Optical Pattern Formation in hot Na vapour


Nonlinear effects occur in many media and in many different configurations. Concerning the medium, we focus on experiments using sodium vapour. The nonlinearity is due to optical pumping. Beside technical advantages (high optical quality, easy variation of parameters over a broad range, high resonant nonlinearity) the benefit of using an atomic vapour is that the equations governing the light-matter interaction can be derived directly from quantum mechanics via the density matrix approach. A large buffer gas presure of molecular nitrogen ensures that atomic motion can be simply decsribed by diffusion and that depolarization from radiation trapping is negligible.Regarding the investigated configurations, investigations have been done in most of the situations in which spatial optical structures are known to occur. Since we are interested in the fundamentals, we work in a so-called single-mirror feedback system because of its conceptual simplicity.

Main results

Our experiments yielded:

  • Report on the observation of nice hexagonal structures in this system (PRA 1994).
  • The first demonstration of a secondary instability of a hexagonal pattern due to a two-dimensional wavevector resonance at sqrt(3) of the original wavenumber (PRL 1995).
  • The first detailed investigation and interpretation of polarization patterns (PRA 1997), (J Opt B 2001).
  • The demonstration of intensity spiral and target patterns in a rotationally symmetric system but with a radially varying control parameters (APB 20003).

    Slow motion picture obtained by sampling method

  • The demonstration that there is a finite locking range if drifting patterns are to be induced by a tilt of the feedback mirror and its interpretation (PRA 1997).
  • The demonstration of spontaneous quasiperiodic patterns with a twelve (PRL 1999) and an eight-fold (PRE 2002) rotational symmetry by a spontaneous breaking of the rotational symmetry.
  • The demonstration of a new type of a self-organized superlattice (PRE 2023).

    Left: real space; Right: Fourier space

  • The observation of triangular structures, very elusive in dissipative pattern formation (J Opt B 2000).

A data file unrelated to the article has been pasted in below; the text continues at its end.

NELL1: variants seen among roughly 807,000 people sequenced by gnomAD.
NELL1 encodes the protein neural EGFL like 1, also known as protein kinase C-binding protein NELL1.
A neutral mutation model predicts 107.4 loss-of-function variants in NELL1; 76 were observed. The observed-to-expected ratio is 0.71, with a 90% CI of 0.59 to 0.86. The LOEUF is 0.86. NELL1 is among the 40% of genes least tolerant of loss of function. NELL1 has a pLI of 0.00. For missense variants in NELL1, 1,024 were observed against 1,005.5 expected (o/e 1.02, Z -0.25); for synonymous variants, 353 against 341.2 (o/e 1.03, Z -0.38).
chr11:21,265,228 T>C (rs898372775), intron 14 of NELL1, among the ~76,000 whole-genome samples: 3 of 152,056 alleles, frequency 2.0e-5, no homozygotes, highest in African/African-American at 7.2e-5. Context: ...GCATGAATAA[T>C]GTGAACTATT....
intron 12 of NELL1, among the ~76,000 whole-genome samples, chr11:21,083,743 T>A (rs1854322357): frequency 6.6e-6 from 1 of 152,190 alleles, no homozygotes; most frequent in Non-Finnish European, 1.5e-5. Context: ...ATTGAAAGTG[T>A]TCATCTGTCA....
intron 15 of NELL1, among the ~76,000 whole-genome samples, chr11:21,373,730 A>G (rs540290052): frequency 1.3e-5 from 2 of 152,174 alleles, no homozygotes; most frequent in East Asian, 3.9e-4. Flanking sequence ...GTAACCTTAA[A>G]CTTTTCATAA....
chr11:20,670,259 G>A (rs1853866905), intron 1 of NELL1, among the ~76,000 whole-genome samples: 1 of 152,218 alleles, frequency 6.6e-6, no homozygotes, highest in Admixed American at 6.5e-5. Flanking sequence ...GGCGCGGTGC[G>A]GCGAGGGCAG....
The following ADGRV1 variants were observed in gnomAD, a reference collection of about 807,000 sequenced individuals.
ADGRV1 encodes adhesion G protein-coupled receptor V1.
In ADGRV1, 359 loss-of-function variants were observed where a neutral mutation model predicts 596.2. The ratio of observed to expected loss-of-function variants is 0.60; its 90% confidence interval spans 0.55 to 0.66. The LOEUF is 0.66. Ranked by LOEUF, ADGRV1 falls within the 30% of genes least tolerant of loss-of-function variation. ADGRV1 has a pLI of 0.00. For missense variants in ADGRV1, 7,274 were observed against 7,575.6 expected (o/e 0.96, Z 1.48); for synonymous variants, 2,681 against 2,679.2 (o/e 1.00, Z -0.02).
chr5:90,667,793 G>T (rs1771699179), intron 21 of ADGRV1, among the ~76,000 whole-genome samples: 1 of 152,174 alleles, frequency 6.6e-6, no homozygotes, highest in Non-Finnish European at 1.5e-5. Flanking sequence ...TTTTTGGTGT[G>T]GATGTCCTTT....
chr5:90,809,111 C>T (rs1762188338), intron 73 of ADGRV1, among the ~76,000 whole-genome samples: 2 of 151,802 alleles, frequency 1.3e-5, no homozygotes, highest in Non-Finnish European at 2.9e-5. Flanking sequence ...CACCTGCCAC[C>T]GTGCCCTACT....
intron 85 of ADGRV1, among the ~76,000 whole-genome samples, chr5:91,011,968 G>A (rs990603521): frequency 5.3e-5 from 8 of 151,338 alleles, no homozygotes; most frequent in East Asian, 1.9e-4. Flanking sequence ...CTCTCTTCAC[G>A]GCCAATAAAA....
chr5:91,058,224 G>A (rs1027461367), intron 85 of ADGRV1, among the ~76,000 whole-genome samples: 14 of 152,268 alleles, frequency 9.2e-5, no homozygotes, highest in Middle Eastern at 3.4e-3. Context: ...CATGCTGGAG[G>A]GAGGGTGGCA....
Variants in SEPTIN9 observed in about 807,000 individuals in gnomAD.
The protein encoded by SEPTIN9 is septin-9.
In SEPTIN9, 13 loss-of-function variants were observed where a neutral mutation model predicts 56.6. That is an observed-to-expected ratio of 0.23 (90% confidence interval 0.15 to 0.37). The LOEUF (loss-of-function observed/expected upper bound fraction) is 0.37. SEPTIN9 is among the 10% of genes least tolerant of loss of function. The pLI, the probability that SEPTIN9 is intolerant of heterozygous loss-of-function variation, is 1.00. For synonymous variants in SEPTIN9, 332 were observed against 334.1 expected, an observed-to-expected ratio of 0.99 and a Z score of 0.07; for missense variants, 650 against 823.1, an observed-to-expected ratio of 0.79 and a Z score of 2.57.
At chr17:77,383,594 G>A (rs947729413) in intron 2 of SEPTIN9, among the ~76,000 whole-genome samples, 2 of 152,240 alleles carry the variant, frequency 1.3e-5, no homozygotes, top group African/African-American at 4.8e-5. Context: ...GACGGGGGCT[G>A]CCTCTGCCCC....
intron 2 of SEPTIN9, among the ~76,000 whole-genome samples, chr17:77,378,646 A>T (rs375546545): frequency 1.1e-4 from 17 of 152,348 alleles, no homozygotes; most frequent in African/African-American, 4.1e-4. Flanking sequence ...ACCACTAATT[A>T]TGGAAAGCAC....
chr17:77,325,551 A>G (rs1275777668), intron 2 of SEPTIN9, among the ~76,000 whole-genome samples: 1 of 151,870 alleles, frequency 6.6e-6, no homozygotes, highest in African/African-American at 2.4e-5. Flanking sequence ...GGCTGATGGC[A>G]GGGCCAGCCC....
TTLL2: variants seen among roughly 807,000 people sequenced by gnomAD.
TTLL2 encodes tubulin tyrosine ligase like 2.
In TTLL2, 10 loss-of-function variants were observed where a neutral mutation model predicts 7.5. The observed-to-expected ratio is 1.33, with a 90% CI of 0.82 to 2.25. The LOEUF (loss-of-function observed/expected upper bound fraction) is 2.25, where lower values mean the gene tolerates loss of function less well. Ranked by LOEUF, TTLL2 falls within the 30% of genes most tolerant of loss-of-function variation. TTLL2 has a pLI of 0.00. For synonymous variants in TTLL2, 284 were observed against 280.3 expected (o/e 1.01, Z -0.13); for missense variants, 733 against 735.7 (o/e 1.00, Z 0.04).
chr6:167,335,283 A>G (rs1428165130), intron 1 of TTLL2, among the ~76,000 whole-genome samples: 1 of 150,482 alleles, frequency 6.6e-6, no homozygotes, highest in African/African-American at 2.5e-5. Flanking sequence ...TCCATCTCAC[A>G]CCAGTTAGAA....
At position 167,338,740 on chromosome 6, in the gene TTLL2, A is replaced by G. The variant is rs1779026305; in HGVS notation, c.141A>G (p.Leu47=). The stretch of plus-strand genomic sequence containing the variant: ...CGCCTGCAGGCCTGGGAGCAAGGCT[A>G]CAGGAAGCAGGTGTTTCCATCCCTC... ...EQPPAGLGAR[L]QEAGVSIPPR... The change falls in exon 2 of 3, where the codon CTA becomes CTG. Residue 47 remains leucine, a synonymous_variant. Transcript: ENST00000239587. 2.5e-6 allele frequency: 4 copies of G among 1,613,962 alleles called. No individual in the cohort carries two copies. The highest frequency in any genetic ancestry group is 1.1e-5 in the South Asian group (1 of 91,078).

• A careful analysis of the properties of dissipative solitons, i.e. self-localized structures. In particular, we provided first experimental evidence for the existence of multiple, discrete distances in clusters of dissipative solitons due to interactions via oscillating tails (PRL 2000).
  • The first experimental demonstration of a discrete family of high order dissipative solitons (PRL 2005).
  • The first experimental demonstration of a $ t^{0.5} $ growth law for the coarsening of domains of equivalent states nested in each other and how these lock to form localized structures (PRL 2007).

The experiment is discontinued but I am very happy to discuss any questions. A review can be found in APB 2001.

Examples for structures obtained in atomic vapour cell with optical feedback.


Over the years (1994-2007), many people contributed to the success of these investigations at the University of Muenster (Germany):

  • PI: Thorsten Ackemann, Wulfhard Lange
  • Postdocs: Ramon Herrero, Yuri A. Logvin
  • Postgraduate students: Andreas Aumann, Florian Huneus, Edgar Grosse Westhoff, Matthias Pesch, Burkhard Schaepers, Jens Seipenbusch, Jens Schuettler
  • Undergraduate students: Burghard Berge, Monika Boelscher, Marc Feldmann, Benedikt Giese, Andreas Heuer, Volker Kneise, Daniel Rudolph, Jens-Uwe Schurek, Michael Tegeler


  • IMEDEA (Palma de Mallorca): Damia Gomila, Pere Colet
  • University of Strathclyde: Thorsten Ackemann, Willie J. Firth, Gian-Luca Oppo


We are grateful for funding by the Deutsche Forschungsgemeinschaft and the Deutsche Akademische Austauschdienst.